In the context of PDFR expression in peripheral organs, we also highlight our observation of a change in phase of oscillation after a few days in constant darkness in some of the peripheral tissues we tested for luminescence oscillation (i.e., fat body and muscle). We discuss how our measurements suggest that PDF plays a role in maintaining phase coupling in these tissues, and also discuss how this may be analogous to the PDF influence on coupling between cry- and cry+ LNds (pp. 20-21) (as described in Yoshii et al., 2009).

We now have added an additional section in which we underscore the differences between luminescence oscillations revealed by LABL and other systems that use universal luciferase reporters (i.e., 8.0-luc) (pp. 18-19). This is in addition to Figure 3A. Specifically, we point out that we observe longer luminescence periods in han mutants, while others observe shorter periods using 8.0-luc in pdf01 flies (p. 18) (Versteven 2020). We discuss that this difference may be due to 8.0-luc expression in a select number of neurons in the fly (Veleri et al., 2003). Despite this, we observe shorter behavioural rhythms in the rhythmic han5304 flies, similar to others and to the shorter behavioural rhythms observed in rhythmic pdf01 flies (Renn et al., 1999). Related to this, we also cite and highlight that pdf01 and han5304 flies have been shown to exhibit differences in phase advance and phase delay in fly behaviour (Krupp et al., 2013), which is a possible explanation for some of the discrepancies between our luminescence data and other published luminescence data.

We corrected an issue where we inadvertently called han5304 (and pdf01) mutant flies arrhythmic. They are mostly arrhythmic, not completely. We also expanded these sections to highlight that the flies that carry these mutations exhibit shorter behavioural rhythms. (pp. 8) (and previous point)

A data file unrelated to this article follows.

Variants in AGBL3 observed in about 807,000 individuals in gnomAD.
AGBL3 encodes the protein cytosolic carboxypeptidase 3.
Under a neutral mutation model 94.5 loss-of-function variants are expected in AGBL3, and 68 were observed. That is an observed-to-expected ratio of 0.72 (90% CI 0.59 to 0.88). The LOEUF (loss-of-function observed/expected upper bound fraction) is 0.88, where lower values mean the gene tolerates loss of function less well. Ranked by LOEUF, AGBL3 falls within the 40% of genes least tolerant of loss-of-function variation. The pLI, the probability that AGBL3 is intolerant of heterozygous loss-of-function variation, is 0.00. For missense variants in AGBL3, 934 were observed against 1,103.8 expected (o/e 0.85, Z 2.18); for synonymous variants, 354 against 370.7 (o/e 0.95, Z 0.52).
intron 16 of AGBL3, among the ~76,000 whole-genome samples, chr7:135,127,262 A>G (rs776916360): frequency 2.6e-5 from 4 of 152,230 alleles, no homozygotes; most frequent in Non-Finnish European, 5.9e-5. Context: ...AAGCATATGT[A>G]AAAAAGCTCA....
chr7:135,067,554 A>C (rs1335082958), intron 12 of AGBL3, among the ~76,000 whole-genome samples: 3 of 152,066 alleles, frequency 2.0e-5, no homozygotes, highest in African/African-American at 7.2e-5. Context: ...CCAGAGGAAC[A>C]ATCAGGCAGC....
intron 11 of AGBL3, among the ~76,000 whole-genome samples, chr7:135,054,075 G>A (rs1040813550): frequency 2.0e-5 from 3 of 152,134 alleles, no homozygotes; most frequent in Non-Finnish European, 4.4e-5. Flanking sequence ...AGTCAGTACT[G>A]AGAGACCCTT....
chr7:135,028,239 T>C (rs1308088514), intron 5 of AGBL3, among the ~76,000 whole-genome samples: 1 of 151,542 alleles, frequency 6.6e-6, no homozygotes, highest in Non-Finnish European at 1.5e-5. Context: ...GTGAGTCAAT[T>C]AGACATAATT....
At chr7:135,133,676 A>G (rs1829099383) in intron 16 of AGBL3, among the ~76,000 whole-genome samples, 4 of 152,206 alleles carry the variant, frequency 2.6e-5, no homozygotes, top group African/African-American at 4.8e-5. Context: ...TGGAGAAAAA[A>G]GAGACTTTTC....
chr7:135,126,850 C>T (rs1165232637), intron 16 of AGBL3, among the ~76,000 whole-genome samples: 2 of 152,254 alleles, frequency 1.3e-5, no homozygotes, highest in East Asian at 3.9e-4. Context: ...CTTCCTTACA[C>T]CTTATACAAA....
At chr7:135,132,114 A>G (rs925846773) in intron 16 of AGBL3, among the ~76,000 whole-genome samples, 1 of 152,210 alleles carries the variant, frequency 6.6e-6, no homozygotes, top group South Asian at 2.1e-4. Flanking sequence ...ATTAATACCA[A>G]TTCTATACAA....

We introduce the concept of neuronal synchrony (and coupling) in the context of PDF (Lin et al., 2004 and Yoshii et al., 2009) (p. 13). We also described how pdf may work to keep some oscillators uncoupled and highlight how cry- and cry+ LNds become phase coupled in a pdf01 genetic background fly (Yoshii et al., 2009). We also suggest that the increased amplitude of luminescence oscillation that we observe in han5304 flies (and the same observation in pdf01 flies described by others), compared to wild type flies, may be a result of clocks that are more tightly coupled when PDF-signaling is eliminated (pp. 13, 16, 18 and 20).

Additionally, we have included other references throughout the manuscript, listed below:

LNvs and LNds continue to oscillate in the absence of pdf (Lin et al., 2004, Yoshii et al., 2009) (p. 17).

s-LNvs have enhanced tim promoter activity in the absence of functional PDFR (han5304) (Mezan et al., 2016) (p.17).

Pdf01 exhibits shorter behavioural period and advanced LNd nuclear translocation (Lin et al., 2004, Renn et al., 1999) (p.18).

We have also included additional references suggested by the reviewers, (e.g., oenocytes, pp 18-19).

4) There have been several questions/concerns raised concerning the reported 60hr rhythms, such as

– Weak rhythms such as the infradian rhythms need to be better visualized.

– Is there additional evidence (experimental or theoretical) that these are really 60hr rhythms or could these rather represent relatively randomly occurring superpositions of peaks/throughs of de-synchronized cells in tissues? Potentially consistent with the latter hypothesis it appears that these rhythms exhibit a rather large period range (between 48-72hrs)?

– Could such infradian rhythms be artificially driven by feeding or other metabolic rhythms that affect the amount of luciferin in the body?